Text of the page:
Feast Days of Our Lady
Our Lady Mediatrix of All Graces
Prof. Plinio Corrêa de Oliveira
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This devotion honors Our Lady as a cooperating agent in the plan of God from the Incarnation of Jesus Christ to the Redemption. Mary was the intermediary between Jesus and St. John the Baptist, sanctifying him before his birth. She was the one who asked Christ to make His first miracle at the wedding of Canaan before his public life had begun.
During the Passion, she followed Him in every step of his sufferings, showing us that she was associated in the mission of reparation for the sins of mankind. After the Resurrection, the Holy Ghost descended upon her first, and then upon the Apostles, showing that she was the mediatrix of the graces for the nascent Church. By her divine maternity Mary became Co-Redemptix, taking on the role of Mediatrix of all graces.
Our Lady is Mediatrix
In 1921 Pope Benedict XV instituted November 8 as the feast day of Our Lady Mediatrix of All Graces.
A text by St. Louis Grignion de Montfort expresses this truth admirably:
"Only Mary found grace before God (Luke 1:30) without the help of any other creature. And after her, all those who found grace before God found it only through her. Mary was full of grace when the Archangel Gabriel saluted her (Luke 1:28) and was filled with grace when the Holy Ghost so mysteriously overshadowed her (Luke 1:35).
"From day to day, from moment to moment, she increased so much this twofold plenitude that she attained an immense and inconceivable degree of grace. So much so, that the Almighty made of her the sole custodian of His treasures and sole dispenser of all His graces, so that she might ennoble, exalt and enrich all she chooses. She can lead them along the narrow path to Heaven and guide them through the narrow gate to life. She can give a royal throne, scepter and crown to whomever she wishes. Jesus is always and everywhere the Fruit and Son of Mary, and Mary is everywhere the true tree that bears the Fruit of life, the true Mother who bears that Son.”" (True Devotion to Mary, n. 44)
Comments of Prof. Plinio:
This is one of the most admirable texts of St. Louis Grignion de Montfort that almost dispenses with the need for commentary. But since our remarks are just a way to pay homage to Our Lady, let me go ahead.
Behind the thinking of this excerpt is the truth that Our Lady is the Mediatrix of All Graces. This thought is linked to an admirable fact in the lives both of Our Lady and the Child Jesus: it is how grace continually increased in her. St. Louis Grignion explains this process.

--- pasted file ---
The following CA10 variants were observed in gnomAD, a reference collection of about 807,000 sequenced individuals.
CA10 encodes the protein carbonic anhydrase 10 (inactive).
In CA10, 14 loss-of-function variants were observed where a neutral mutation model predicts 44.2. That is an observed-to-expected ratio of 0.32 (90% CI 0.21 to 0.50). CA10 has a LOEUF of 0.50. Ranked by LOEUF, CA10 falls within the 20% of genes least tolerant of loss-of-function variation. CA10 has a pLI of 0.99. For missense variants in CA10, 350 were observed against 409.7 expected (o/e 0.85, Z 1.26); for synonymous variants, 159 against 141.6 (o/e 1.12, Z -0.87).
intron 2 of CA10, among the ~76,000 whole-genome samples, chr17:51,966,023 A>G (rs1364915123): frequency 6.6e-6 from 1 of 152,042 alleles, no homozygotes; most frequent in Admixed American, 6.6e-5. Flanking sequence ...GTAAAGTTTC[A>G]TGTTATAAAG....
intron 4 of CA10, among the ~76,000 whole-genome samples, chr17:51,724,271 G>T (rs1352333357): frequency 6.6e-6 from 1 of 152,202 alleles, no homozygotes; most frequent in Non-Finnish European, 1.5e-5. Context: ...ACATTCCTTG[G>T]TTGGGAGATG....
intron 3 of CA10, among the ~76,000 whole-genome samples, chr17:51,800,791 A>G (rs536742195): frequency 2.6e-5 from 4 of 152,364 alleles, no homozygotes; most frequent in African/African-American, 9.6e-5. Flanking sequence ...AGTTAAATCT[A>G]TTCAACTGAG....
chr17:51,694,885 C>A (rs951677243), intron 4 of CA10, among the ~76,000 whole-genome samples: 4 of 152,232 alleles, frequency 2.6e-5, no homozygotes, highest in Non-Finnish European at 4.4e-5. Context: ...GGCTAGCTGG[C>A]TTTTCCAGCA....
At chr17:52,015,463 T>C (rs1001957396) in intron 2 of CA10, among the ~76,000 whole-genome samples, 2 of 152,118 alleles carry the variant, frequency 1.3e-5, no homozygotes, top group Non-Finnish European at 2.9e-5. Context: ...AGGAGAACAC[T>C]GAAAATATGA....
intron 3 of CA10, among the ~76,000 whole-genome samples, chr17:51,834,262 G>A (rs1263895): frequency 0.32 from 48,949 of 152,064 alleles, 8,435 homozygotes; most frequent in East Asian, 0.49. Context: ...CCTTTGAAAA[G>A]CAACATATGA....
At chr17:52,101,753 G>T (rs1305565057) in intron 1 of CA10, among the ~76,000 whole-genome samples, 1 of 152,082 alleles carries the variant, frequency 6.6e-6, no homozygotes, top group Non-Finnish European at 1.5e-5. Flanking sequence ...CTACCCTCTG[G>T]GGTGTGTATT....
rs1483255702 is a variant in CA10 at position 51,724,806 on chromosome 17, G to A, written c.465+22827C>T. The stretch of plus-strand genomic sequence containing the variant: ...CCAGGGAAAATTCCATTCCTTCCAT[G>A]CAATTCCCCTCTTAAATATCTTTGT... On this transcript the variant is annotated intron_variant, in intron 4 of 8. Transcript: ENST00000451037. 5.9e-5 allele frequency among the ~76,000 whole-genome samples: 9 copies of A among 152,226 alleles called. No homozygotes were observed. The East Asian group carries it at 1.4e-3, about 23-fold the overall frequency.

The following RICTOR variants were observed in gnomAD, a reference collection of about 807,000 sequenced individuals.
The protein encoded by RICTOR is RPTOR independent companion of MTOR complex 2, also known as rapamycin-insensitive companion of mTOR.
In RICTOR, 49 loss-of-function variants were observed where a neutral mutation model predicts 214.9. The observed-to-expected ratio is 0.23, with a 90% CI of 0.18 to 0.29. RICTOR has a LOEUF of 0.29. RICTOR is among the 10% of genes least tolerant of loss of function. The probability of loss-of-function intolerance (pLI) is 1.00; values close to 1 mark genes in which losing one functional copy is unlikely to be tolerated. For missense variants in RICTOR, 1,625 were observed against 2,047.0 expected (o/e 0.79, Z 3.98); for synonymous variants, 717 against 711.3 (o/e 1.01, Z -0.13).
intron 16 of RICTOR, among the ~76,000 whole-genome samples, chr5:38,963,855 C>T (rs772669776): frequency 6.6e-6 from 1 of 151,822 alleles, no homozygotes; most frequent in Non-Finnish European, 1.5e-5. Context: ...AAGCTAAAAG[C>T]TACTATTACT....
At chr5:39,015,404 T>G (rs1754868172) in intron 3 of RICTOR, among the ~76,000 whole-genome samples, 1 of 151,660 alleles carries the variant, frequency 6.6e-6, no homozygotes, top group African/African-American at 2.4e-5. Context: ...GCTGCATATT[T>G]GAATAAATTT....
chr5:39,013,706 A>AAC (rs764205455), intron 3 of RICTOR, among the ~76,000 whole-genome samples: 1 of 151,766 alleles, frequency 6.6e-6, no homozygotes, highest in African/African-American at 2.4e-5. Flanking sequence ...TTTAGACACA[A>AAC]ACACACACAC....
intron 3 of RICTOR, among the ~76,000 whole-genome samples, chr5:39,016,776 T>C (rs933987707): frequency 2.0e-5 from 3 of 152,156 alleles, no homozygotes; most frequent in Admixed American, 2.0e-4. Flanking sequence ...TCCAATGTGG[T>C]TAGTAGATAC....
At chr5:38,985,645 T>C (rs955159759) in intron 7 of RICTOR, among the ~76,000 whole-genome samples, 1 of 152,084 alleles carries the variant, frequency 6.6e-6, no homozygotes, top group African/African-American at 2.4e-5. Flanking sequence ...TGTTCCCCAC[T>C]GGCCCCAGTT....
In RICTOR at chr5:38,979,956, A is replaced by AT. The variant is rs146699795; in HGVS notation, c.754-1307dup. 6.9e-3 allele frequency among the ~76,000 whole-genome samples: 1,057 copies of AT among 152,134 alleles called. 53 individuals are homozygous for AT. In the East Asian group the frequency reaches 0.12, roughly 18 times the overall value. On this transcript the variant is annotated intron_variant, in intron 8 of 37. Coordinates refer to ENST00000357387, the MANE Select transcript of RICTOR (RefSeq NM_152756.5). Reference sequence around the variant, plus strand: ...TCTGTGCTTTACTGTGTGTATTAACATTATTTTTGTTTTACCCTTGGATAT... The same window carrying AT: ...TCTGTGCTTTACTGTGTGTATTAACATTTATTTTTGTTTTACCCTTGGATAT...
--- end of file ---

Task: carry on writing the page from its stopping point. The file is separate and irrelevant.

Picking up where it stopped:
The Annunciation by Fra Angelico
Before the Annunciation, she was already full of grace, and had always been. But at a certain moment, by her most perfect correspondence to every grace at every moment, and also by a special predilection of God Our Lord toward her, the grace increased in such a way in her soul that she became worthy to be the Mother of Jesus Christ hypostatically united to the Second Person of the Holy Trinity. The Holy Ghost found her perfect to be His spouse, and the Word of God was conceived in her human flesh.
St. Louis offers the profound insight that at the moment of the Incarnation, Our Lady received a new plenitude of graces that was added to the first. She was already worthy to be both the Spouse of the Holy Ghost and the Mother of the Incarnated Word. Then, a new overflowing of graces occurred in her and she acquired a super-plenitude of grace.
One can imagine the immensity of graces she received during the gestation of Our Lord Jesus Christ as she formed Him, carrying Him in her womb for nine months. He lived in her as in a Tabernacle. One may only envisage the boons Our Lady received in her spiritual life coming from this contact of souls.
It was a kind of mutual gift: while she was forming His body, He was forming her soul and making her still more perfect, bestowing unheard-of graces. I don’t know if even the highest Angels are able to understand those graces. Now then, she corresponded perfectly to all those graces with an astonishing fidelity.
After His birth, Our Lady continued to grow in her fidelity to grace during the 30 years of Our Lord’s private life, during which He desired that she command Him and He obey her. In the house of Nazareth, the human hierarchy was the opposite of the supernatural hierarchy. Of the three, the least was the enormously great St. Joseph, who was the head of the family; then, there was Our Lady, who, humanly speaking was subordinate to him even though she was greater than he in grace; finally, in the last place of the human hierarchy was the Son, who nevertheless was God. The Gospel tells us that Our Lord obeyed them.